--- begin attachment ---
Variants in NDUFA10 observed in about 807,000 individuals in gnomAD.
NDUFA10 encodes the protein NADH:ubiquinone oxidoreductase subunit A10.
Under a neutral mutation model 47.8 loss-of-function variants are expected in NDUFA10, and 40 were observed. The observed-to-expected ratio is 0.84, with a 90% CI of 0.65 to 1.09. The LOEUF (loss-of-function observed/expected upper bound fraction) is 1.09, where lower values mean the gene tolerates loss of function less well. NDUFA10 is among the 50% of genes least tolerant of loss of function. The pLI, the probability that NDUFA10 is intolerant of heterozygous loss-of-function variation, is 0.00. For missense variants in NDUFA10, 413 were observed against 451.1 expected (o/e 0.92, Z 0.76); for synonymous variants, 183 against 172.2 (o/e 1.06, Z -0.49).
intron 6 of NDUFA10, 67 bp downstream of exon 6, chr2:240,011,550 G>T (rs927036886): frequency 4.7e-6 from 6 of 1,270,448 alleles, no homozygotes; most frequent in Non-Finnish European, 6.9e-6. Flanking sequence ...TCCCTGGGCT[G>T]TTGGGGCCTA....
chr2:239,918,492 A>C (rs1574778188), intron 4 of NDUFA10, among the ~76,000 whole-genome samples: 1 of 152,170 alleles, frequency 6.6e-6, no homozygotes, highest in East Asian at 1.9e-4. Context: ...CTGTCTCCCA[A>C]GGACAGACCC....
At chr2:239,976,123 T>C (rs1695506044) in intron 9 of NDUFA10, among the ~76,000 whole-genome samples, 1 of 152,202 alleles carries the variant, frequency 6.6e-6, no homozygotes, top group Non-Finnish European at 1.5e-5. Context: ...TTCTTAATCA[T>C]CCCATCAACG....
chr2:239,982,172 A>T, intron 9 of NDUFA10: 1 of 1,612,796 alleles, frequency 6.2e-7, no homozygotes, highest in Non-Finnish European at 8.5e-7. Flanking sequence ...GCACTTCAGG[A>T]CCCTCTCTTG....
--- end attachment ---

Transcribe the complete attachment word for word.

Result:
Variants in NDUFA10 observed in about 807,000 individuals in gnomAD.
NDUFA10 encodes the protein NADH:ubiquinone oxidoreductase subunit A10.
Under a neutral mutation model 47.8 loss-of-function variants are expected in NDUFA10, and 40 were observed. The observed-to-expected ratio is 0.84, with a 90% CI of 0.65 to 1.09. The LOEUF (loss-of-function observed/expected upper bound fraction) is 1.09, where lower values mean the gene tolerates loss of function less well. NDUFA10 is among the 50% of genes least tolerant of loss of function. The pLI, the probability that NDUFA10 is intolerant of heterozygous loss-of-function variation, is 0.00. For missense variants in NDUFA10, 413 were observed against 451.1 expected (o/e 0.92, Z 0.76); for synonymous variants, 183 against 172.2 (o/e 1.06, Z -0.49).
intron 6 of NDUFA10, 67 bp downstream of exon 6, chr2:240,011,550 G>T (rs927036886): frequency 4.7e-6 from 6 of 1,270,448 alleles, no homozygotes; most frequent in Non-Finnish European, 6.9e-6. Flanking sequence ...TCCCTGGGCT[G>T]TTGGGGCCTA....
chr2:239,918,492 A>C (rs1574778188), intron 4 of NDUFA10, among the ~76,000 whole-genome samples: 1 of 152,170 alleles, frequency 6.6e-6, no homozygotes, highest in East Asian at 1.9e-4. Context: ...CTGTCTCCCA[A>C]GGACAGACCC....
At chr2:239,976,123 T>C (rs1695506044) in intron 9 of NDUFA10, among the ~76,000 whole-genome samples, 1 of 152,202 alleles carries the variant, frequency 6.6e-6, no homozygotes, top group Non-Finnish European at 1.5e-5. Context: ...TTCTTAATCA[T>C]CCCATCAACG....
chr2:239,982,172 A>T, intron 9 of NDUFA10: 1 of 1,612,796 alleles, frequency 6.2e-7, no homozygotes, highest in Non-Finnish European at 8.5e-7. Flanking sequence ...GCACTTCAGG[A>T]CCCTCTCTTG....